Bits from the Debian Med team

Andreas Tille sent some bits from the Debian Med team. After mentioning talks he gave at conferences covering a variety of topics to do with Debian and open source software in the medical field, Andreas points out an interview via Jabber with Rajeev Nair, the head of a health care journal. Discussion centred on the contributions of Debian and open source software to the health care industry, and how Debian is at the forefront. This interview triggered the team to assemble an article targeting readers who are interested in Free Software in medicine but don't necessarily have an informatics background. Debian Med is now looking for ideas for where to publish this article. The team was involved in several events, such as the Codefest of the Bioinformatics foundation in Berlin, continuing Debian's contributions to open source software in the medical field. The team is scheduling a sprint for February 2014 and invites people interested in developing packages helpful in health care and bioinformatics.

Other news

Paul Tagliamonte sent a call for proposals of desktop themes for Jessie. Contributions will be accepted until February 5. More information and instructions for submitting proposals are available on the dedicated page of the Debian wiki.

Sylvestre Ledru announced that the Debian France association will be organising a mini DebConf in Paris, on January 18 and 19 in the buildings of Télécom ParisTech. Please consult the wiki page to register or submit a talk.

Moray Allan sent a call for volunteers to join the DebConf team to help to prepare DebConf14, which will be held in summer 2014, in Portland, USA. Moray also indicated that anyone interested in putting forward a bid for DebConf15 should tell the DebConf team mailing list and that bid material should be ready by December 31.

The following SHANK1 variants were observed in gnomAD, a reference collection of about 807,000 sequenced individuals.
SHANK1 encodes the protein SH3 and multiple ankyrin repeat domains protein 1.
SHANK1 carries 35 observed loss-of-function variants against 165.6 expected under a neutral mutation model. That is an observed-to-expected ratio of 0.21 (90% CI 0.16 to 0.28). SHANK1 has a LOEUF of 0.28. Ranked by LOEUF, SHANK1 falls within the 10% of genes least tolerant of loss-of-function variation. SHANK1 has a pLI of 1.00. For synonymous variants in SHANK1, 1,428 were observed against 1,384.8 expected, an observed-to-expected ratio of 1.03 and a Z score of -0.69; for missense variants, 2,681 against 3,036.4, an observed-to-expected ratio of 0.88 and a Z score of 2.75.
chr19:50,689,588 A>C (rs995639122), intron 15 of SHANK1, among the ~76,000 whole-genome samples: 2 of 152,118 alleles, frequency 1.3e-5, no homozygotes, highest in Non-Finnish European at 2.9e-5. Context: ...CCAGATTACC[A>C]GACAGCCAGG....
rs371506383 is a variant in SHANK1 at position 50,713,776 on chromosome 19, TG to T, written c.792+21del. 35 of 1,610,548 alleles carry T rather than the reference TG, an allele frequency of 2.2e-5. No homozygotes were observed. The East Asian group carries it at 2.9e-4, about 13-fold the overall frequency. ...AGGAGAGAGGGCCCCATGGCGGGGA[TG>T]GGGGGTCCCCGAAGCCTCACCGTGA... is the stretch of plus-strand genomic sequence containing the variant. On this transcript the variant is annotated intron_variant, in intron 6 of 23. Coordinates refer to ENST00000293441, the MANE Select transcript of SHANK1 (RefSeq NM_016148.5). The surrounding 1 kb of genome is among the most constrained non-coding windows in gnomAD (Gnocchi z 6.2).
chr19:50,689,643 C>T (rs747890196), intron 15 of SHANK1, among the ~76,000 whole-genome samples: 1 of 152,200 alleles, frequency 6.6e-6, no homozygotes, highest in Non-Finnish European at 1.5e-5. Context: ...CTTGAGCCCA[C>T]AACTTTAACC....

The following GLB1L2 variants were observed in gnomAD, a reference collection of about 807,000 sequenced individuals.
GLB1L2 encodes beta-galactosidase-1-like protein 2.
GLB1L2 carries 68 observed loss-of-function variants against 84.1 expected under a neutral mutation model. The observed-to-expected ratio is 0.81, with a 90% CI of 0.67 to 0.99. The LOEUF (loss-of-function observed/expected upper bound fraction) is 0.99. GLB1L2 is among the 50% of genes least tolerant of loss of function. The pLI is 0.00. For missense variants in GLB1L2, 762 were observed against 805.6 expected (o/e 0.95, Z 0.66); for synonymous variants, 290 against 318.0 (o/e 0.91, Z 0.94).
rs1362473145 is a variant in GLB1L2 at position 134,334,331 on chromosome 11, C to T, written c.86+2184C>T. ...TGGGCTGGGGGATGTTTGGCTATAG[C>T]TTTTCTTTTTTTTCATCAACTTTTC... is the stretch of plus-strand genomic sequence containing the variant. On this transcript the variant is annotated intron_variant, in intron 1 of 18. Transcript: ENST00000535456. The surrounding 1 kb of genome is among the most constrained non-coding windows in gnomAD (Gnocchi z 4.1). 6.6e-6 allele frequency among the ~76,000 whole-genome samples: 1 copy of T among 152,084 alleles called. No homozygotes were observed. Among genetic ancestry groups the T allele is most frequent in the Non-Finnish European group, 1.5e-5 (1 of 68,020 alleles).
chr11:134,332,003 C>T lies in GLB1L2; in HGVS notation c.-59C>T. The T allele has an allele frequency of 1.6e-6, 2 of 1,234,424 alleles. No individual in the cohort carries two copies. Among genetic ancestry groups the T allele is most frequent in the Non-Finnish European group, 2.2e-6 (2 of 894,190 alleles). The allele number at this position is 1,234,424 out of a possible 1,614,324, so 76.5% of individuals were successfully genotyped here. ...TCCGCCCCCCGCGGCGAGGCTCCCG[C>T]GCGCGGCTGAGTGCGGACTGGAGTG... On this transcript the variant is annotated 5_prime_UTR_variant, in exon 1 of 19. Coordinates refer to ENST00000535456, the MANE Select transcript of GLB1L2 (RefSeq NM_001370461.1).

Upcoming events

There is one upcoming Debian-related event:

You can find more information about Debian-related events and talks on the events section of the Debian wiki, or subscribe to one of our events mailing lists for different regions: Europe, Netherlands, Hispanic America, North America.

Do you want to organise a Debian booth or a Debian install party? Are you aware of other upcoming Debian-related events? Have you delivered a Debian talk that you want to link on our talks page? Send an email to the Debian Events Team.

New Debian Contributors

Five people have started to maintain packages since the previous issue of the Debian Project News. Please welcome Thibault Cohen, Torge Szczepanek, Beren Minor, Takanori Suzuki, and Peter Roberts into our project!

Important Debian Security Advisories

Debian's Security Team recently released advisories for these packages (among others): libav, spip, lighttpd, torque, icedove, curl, chromium-browser, nss, libhttp-body-perl, nginx, quagga, drupal7, sup-mail, nbd, and links2. Please read them carefully and take the proper measures.

Please note that these are a selection of the more important security advisories of the last weeks. If you need to be kept up to date about security advisories released by the Debian Security Team, please subscribe to the security mailing list (and the separate backports list, and stable updates list) for announcements.

New and noteworthy packages

310 packages were added to the unstable Debian archive recently. Among many others are:

Work-needing packages

Currently 534 packages are orphaned and 148 packages are up for adoption: please visit the complete list of packages which need your help.

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This issue of Debian Project News was edited by Cédric Boutillier, Ying-Chun Liu, Carl J Mannino, Steve McIntyre and Justin B Rye.